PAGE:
It might have all gone differently.  In fact, a wicked rift could have occurred.  They say that the emergence of email as a dominant form of communication has kept a lot of lawyers employed.  No doubt.  In the case of this morning’s conversation, picking up the phone actually, it seems, resulted in greater intimacy and empathy as well as taking us to a new place that we might not have gone.  That’s the value of dialogue over debate, and avoiding the conversation would not have deepened the connection or taken us to a new and better understanding than we had before.

In the courthouse this morning, I noticed the faint twinge of a feeling I used to have when I’d go there as a new mediator.  The courthouse is rarely a place that attracts citizens for happy reasons.  When Shannon Stewart died, there were three memorials held for her that I know of.  I went to one.  For hours, people came to the microphone in the middle of the circle and talked about their memories of Shannon; many of these people were established local attorneys and judges who had taken time out of their work day to talk about how Shannon’s commitment to mediation had impacted them personally, or impacted their professional practice.

One in particular stuck with me.  He was an attorney who talked about the fact that the courthouse is often a difficult place to go to and that you can witness a lot of unhappiness there.  He had also talked about how Shannon had responded to the ebb and flow of funding for her program, her tenacity and dignity.  He said that, when he entered the courthouse, he was comforted in knowing that, because Shannon was there, “good was being done, and harm was being avoided.”  There’s no better epitaph than that.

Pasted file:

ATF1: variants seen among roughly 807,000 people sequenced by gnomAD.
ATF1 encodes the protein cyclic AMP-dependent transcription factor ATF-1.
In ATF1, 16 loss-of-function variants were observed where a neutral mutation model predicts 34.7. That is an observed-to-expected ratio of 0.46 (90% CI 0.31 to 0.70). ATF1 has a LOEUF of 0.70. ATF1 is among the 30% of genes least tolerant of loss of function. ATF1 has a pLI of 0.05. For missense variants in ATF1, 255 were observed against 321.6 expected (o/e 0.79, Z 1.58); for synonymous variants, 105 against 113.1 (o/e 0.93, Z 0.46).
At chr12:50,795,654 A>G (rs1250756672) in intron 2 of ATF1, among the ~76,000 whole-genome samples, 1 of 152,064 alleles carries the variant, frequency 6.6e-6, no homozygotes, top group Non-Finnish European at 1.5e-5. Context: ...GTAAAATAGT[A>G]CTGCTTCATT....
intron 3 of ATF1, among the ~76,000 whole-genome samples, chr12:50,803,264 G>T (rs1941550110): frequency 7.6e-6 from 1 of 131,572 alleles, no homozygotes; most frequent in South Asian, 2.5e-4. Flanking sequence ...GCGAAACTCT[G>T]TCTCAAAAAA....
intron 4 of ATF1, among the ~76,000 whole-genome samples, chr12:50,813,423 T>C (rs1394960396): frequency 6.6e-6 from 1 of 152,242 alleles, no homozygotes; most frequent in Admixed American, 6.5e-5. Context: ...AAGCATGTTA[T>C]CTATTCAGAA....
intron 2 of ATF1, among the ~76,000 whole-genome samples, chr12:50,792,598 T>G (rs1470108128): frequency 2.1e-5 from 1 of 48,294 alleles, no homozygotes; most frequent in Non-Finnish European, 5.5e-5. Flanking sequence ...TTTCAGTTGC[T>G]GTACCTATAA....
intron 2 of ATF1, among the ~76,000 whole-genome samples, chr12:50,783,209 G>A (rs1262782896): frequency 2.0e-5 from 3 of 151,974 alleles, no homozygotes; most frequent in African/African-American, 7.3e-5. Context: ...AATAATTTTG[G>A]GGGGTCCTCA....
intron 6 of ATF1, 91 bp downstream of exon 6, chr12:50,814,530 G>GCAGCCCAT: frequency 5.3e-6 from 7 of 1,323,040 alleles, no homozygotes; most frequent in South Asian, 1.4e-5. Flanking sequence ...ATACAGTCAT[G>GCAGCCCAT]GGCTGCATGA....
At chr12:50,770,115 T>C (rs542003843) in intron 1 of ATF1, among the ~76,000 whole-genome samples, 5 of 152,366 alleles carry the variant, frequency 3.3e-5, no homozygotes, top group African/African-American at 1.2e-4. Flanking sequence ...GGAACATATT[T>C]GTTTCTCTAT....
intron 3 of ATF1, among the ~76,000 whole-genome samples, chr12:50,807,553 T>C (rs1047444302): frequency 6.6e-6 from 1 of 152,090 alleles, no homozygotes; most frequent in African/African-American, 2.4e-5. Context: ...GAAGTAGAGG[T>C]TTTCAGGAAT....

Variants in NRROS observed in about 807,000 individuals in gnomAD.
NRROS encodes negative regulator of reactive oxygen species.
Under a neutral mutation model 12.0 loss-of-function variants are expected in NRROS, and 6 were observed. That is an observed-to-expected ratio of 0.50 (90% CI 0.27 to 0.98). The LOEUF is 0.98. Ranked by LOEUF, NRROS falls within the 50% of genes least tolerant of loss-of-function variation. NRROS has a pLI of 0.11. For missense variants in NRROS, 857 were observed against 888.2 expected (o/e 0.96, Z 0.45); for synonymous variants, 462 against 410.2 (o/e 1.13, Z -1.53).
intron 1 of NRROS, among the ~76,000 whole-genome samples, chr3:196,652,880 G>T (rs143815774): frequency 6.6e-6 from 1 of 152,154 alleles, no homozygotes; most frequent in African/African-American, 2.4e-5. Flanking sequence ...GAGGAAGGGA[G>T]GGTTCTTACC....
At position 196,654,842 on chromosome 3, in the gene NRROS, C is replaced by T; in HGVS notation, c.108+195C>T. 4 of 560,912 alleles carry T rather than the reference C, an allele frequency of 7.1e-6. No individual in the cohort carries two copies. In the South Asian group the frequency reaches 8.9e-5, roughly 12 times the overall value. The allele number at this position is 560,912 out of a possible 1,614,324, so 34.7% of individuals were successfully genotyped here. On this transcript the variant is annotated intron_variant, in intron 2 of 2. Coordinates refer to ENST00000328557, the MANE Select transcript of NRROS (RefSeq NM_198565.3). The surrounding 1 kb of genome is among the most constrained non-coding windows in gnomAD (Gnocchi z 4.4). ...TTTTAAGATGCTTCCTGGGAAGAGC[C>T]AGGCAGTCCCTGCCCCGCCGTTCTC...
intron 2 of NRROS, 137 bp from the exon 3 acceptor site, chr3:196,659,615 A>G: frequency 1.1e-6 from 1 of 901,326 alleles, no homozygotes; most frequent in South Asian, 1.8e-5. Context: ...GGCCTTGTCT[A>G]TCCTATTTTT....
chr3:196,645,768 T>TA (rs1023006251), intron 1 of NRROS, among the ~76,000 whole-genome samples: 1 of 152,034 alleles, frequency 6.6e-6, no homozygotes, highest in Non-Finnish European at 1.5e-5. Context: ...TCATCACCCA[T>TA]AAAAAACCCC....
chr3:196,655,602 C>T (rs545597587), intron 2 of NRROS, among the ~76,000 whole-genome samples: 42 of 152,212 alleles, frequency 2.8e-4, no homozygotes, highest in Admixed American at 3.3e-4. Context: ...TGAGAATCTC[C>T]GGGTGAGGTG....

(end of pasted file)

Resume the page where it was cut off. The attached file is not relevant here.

I remember Shannon swinging into her little office with a view of the central airshaft in the building where I was waiting for her one spring day.  “Have you seen the cherry blossoms!” she virtually caroled–such a startling comment in that the morning had been spent dealing with landlord/tenant disputes, and preceding an afternoon would be spent with all manner of small claims disputes.  She had spent decades of her life steeped in what many people try to avoid everyday:  conflict.  And, she saw the power of effective engagement for a mutually satisfactory outcome.

Today, I could have not picked up the phone, but simply avoided interacting with someone who might hurt my feelings, insult my intelligence, or any of a number of other things I haven’t even imagined.  Thank goodness I picked up the phone to check things out.

Shannon died suddenly a number of years ago.  A few days before she died, we were talking about the notion of “the enemy” and about enemy making.  She had to interrupt the conversation because it was time to go into court.  “Now, I want to talk to you about that later,” she said.  But “later” was interrupted and now won’t happen.  I was looking forward to that conversation.  As a former high school Shakespeare teacher, she had a way of teaching and mentoring that drove the point home so you could take a sharp point with little or no pain.  Lacking that conversation, I pay more attention to transitional moments when enemy making might occur.  She said something about the sense or nonsense of enemy making.  And, I’m still listening.